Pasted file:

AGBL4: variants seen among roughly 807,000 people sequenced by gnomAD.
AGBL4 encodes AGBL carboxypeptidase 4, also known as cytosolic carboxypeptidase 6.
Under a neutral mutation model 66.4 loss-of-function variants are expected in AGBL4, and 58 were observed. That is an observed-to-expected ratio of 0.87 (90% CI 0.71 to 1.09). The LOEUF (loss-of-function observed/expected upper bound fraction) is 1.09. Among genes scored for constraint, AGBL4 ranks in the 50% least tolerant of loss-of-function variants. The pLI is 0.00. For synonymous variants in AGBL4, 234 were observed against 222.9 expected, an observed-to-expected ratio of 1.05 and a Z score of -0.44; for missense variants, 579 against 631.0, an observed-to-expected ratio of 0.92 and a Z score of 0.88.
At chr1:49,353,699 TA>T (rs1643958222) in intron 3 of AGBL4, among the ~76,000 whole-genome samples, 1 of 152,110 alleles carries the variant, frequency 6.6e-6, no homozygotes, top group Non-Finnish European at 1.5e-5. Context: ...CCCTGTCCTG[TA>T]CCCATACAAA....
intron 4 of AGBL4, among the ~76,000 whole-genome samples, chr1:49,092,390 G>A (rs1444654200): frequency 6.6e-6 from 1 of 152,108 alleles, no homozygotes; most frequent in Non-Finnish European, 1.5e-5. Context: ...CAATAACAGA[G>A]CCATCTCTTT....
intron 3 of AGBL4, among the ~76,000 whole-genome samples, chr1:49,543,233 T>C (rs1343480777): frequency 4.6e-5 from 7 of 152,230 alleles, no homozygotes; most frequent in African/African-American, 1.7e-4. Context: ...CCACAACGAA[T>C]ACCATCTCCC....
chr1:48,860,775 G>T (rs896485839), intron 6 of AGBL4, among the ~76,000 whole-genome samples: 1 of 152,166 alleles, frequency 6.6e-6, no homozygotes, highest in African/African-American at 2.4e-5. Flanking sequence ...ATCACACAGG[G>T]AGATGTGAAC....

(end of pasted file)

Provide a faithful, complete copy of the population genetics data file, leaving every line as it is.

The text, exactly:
AGBL4: variants seen among roughly 807,000 people sequenced by gnomAD.
AGBL4 encodes AGBL carboxypeptidase 4, also known as cytosolic carboxypeptidase 6.
Under a neutral mutation model 66.4 loss-of-function variants are expected in AGBL4, and 58 were observed. That is an observed-to-expected ratio of 0.87 (90% CI 0.71 to 1.09). The LOEUF (loss-of-function observed/expected upper bound fraction) is 1.09. Among genes scored for constraint, AGBL4 ranks in the 50% least tolerant of loss-of-function variants. The pLI is 0.00. For synonymous variants in AGBL4, 234 were observed against 222.9 expected, an observed-to-expected ratio of 1.05 and a Z score of -0.44; for missense variants, 579 against 631.0, an observed-to-expected ratio of 0.92 and a Z score of 0.88.
At chr1:49,353,699 TA>T (rs1643958222) in intron 3 of AGBL4, among the ~76,000 whole-genome samples, 1 of 152,110 alleles carries the variant, frequency 6.6e-6, no homozygotes, top group Non-Finnish European at 1.5e-5. Context: ...CCCTGTCCTG[TA>T]CCCATACAAA....
intron 4 of AGBL4, among the ~76,000 whole-genome samples, chr1:49,092,390 G>A (rs1444654200): frequency 6.6e-6 from 1 of 152,108 alleles, no homozygotes; most frequent in Non-Finnish European, 1.5e-5. Context: ...CAATAACAGA[G>A]CCATCTCTTT....
intron 3 of AGBL4, among the ~76,000 whole-genome samples, chr1:49,543,233 T>C (rs1343480777): frequency 4.6e-5 from 7 of 152,230 alleles, no homozygotes; most frequent in African/African-American, 1.7e-4. Context: ...CCACAACGAA[T>C]ACCATCTCCC....
chr1:48,860,775 G>T (rs896485839), intron 6 of AGBL4, among the ~76,000 whole-genome samples: 1 of 152,166 alleles, frequency 6.6e-6, no homozygotes, highest in African/African-American at 2.4e-5. Flanking sequence ...ATCACACAGG[G>T]AGATGTGAAC....